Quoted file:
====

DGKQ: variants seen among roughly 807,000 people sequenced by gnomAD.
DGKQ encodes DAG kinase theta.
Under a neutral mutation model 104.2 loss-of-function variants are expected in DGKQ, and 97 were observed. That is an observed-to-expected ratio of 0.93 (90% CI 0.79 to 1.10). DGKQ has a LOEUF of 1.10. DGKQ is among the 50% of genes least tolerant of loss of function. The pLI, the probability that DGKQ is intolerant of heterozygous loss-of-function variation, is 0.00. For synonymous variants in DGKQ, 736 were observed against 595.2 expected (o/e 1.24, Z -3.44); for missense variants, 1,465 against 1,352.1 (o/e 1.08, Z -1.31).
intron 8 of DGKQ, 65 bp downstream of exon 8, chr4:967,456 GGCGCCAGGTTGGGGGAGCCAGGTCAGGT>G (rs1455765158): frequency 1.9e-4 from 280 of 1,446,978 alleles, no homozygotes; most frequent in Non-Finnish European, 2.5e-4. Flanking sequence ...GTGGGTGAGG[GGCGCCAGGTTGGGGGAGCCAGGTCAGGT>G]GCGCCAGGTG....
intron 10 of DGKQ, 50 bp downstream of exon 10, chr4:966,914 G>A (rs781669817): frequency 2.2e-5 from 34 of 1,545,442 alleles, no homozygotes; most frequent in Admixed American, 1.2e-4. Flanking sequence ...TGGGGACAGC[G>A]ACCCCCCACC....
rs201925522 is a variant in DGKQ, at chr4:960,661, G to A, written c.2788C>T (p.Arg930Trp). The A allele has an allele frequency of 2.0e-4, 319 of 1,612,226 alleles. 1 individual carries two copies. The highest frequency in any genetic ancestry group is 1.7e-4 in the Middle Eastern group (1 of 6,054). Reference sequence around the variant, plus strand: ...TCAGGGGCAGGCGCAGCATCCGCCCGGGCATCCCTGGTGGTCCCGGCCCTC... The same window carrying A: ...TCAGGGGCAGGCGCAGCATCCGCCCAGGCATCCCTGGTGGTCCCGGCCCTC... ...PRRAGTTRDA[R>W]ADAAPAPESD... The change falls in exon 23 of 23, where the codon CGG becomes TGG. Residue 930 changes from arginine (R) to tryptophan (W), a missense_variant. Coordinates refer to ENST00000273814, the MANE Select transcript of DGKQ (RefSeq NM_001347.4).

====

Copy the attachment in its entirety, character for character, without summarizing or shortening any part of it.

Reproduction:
DGKQ: variants seen among roughly 807,000 people sequenced by gnomAD.
DGKQ encodes DAG kinase theta.
Under a neutral mutation model 104.2 loss-of-function variants are expected in DGKQ, and 97 were observed. That is an observed-to-expected ratio of 0.93 (90% CI 0.79 to 1.10). DGKQ has a LOEUF of 1.10. DGKQ is among the 50% of genes least tolerant of loss of function. The pLI, the probability that DGKQ is intolerant of heterozygous loss-of-function variation, is 0.00. For synonymous variants in DGKQ, 736 were observed against 595.2 expected (o/e 1.24, Z -3.44); for missense variants, 1,465 against 1,352.1 (o/e 1.08, Z -1.31).
intron 8 of DGKQ, 65 bp downstream of exon 8, chr4:967,456 GGCGCCAGGTTGGGGGAGCCAGGTCAGGT>G (rs1455765158): frequency 1.9e-4 from 280 of 1,446,978 alleles, no homozygotes; most frequent in Non-Finnish European, 2.5e-4. Flanking sequence ...GTGGGTGAGG[GGCGCCAGGTTGGGGGAGCCAGGTCAGGT>G]GCGCCAGGTG....
intron 10 of DGKQ, 50 bp downstream of exon 10, chr4:966,914 G>A (rs781669817): frequency 2.2e-5 from 34 of 1,545,442 alleles, no homozygotes; most frequent in Admixed American, 1.2e-4. Flanking sequence ...TGGGGACAGC[G>A]ACCCCCCACC....
rs201925522 is a variant in DGKQ, at chr4:960,661, G to A, written c.2788C>T (p.Arg930Trp). The A allele has an allele frequency of 2.0e-4, 319 of 1,612,226 alleles. 1 individual carries two copies. The highest frequency in any genetic ancestry group is 1.7e-4 in the Middle Eastern group (1 of 6,054). Reference sequence around the variant, plus strand: ...TCAGGGGCAGGCGCAGCATCCGCCCGGGCATCCCTGGTGGTCCCGGCCCTC... The same window carrying A: ...TCAGGGGCAGGCGCAGCATCCGCCCAGGCATCCCTGGTGGTCCCGGCCCTC... ...PRRAGTTRDA[R>W]ADAAPAPESD... The change falls in exon 23 of 23, where the codon CGG becomes TGG. Residue 930 changes from arginine (R) to tryptophan (W), a missense_variant. Coordinates refer to ENST00000273814, the MANE Select transcript of DGKQ (RefSeq NM_001347.4).